There is one big change on the record with closer "Kids on the Run." The title itself sounds out of place, and as it turns out it's a wholly different direction for Matsson. Where we all turn to early Dylan with the Tallest Man on Earth as some sort of marker, this track channels a more current king of American music. The track, the only one here performed on piano, sounds much more like the Boss. In fact, it could be a demo from Darkness on the Edge of Town, if Matsson's voice could drop a few octaves and take on the more pained rust of Springsteen's voice. Still, the song shares plenty with the Boss's best stuff -- there are mentions of redemption and desire, the communal "we", kids running away for a fresh start. However, like all those mentions of Dylan, these connections are ours, not Matsson's. It may be a jarring shift at first, to see him leave an album of guitar-folk behind for a piano ballad, but once you warm up to it, it's a brilliant album closer, and another example of his preternatural understanding of folk music, and of balladry, that goes beyond any mimicry or borrowing we might want to place on his songs.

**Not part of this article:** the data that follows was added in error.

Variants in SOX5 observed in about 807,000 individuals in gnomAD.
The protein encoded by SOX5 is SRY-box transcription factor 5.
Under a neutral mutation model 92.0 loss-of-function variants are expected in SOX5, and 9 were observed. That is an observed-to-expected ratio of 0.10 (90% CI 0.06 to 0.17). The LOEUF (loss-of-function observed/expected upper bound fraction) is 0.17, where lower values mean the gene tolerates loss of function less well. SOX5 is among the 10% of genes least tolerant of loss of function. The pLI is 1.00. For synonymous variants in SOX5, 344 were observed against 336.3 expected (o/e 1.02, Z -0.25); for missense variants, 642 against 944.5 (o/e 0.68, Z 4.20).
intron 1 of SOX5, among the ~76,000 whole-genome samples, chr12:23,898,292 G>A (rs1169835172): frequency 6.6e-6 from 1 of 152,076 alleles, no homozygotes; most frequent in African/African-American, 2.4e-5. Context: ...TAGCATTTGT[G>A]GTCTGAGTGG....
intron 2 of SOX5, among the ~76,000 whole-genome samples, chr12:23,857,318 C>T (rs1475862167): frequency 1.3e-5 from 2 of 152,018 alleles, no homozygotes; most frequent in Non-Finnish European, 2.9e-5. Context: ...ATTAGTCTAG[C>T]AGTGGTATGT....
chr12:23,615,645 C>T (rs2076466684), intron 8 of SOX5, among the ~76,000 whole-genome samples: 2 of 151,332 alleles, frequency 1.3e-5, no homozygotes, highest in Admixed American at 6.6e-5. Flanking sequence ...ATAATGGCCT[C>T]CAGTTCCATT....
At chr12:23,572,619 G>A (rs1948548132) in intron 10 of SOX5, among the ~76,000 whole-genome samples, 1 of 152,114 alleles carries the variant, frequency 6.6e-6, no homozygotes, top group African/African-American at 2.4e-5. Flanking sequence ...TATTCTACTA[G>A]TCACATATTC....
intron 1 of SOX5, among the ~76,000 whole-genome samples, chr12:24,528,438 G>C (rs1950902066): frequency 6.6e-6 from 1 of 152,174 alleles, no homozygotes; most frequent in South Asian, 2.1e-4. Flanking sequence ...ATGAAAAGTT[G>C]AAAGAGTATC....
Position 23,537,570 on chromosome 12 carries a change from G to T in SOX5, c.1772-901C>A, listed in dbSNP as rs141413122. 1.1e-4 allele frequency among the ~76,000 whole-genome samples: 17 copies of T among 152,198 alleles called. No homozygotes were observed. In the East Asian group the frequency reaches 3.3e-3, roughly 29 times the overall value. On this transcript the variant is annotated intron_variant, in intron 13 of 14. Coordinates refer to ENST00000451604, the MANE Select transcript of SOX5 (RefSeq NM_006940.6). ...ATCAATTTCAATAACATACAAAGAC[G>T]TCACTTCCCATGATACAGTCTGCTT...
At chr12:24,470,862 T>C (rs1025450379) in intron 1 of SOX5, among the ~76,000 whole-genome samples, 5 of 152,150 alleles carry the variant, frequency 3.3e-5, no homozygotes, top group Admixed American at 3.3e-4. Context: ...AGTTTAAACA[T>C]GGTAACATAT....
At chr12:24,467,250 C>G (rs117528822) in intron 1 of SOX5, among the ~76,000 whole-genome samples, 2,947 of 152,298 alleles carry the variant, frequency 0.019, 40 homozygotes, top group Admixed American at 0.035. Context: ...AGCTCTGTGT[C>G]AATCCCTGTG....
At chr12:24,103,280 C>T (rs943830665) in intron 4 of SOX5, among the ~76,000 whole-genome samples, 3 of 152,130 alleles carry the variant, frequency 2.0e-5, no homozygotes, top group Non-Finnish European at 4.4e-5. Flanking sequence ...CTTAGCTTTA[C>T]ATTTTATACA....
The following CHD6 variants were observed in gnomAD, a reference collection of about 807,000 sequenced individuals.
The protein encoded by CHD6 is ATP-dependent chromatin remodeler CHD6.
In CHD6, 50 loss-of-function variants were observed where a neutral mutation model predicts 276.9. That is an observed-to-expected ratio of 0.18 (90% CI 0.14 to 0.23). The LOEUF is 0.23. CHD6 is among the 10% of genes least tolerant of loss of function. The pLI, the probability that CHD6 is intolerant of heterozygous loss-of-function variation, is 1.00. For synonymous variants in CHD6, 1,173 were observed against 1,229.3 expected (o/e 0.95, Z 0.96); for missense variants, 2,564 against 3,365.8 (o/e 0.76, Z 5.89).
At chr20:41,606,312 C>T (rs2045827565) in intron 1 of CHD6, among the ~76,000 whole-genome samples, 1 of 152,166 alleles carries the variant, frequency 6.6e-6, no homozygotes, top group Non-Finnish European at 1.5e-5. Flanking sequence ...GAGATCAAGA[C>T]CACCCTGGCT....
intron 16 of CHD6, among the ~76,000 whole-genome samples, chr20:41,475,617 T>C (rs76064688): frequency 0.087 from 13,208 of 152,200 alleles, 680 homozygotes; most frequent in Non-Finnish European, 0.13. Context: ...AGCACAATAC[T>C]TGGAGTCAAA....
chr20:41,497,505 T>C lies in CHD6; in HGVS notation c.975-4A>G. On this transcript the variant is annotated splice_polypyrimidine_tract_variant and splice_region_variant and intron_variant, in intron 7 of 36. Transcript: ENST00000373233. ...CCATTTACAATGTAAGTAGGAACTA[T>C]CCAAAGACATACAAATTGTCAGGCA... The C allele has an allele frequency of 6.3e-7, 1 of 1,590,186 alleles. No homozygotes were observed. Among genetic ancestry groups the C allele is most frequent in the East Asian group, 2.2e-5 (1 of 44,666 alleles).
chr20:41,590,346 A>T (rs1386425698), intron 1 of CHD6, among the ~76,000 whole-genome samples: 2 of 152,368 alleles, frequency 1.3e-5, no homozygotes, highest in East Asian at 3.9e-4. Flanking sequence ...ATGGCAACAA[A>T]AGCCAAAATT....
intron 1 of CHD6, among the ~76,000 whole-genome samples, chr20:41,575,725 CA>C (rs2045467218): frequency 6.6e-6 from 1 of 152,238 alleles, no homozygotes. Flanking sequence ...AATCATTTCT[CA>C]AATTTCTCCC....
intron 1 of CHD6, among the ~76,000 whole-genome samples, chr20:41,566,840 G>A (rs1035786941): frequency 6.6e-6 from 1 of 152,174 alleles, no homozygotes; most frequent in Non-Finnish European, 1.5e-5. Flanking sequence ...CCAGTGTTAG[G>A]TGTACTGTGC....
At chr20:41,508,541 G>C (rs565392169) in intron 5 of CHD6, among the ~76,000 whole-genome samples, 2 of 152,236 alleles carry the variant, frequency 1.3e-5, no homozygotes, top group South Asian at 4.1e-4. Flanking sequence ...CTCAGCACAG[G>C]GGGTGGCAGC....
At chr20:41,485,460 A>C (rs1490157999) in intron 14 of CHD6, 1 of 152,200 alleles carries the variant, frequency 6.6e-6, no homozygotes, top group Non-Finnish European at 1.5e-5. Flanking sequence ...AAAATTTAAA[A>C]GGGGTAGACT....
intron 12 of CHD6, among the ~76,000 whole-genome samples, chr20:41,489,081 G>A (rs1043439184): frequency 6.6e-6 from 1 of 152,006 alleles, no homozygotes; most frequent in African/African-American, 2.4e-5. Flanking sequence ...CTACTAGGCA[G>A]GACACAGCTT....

With The Wild Hunt, we're two albums in with Matsson, and he has proved he can do quite a bit with his spare elements. So, if he keeps up this kind of brilliant consistency, at some point we'll stop talking about who he sounds like, and we'll start comparing new artists to him. Until then, we can keep those musical forefathers in mind, as long as we don't give them too much sway over what's happening on this record. Because the Tallest Man on Earth, in each of these excellent songs, is very much in his own musical world.

8

In the wake of Malcolm Young's passing, Jesse Fink, author of The Youngs: The Brothers Who Built AC/DC, offers up his top 10 AC/DC songs, each seasoned with a dash of backstory.

In the wake of Malcolm Young's passing, Jesse Fink, author of The Youngs: The Brothers Who Built AC/DC, offers up his top 10 AC/DC songs, each seasoned with a dash of backstory.

Keep reading... Show less

Pauline Black may be called the Queen of Ska by some, but she insists she's not the only one, as Two-Tone legends the Selecter celebrate another stellar album in a career full of them.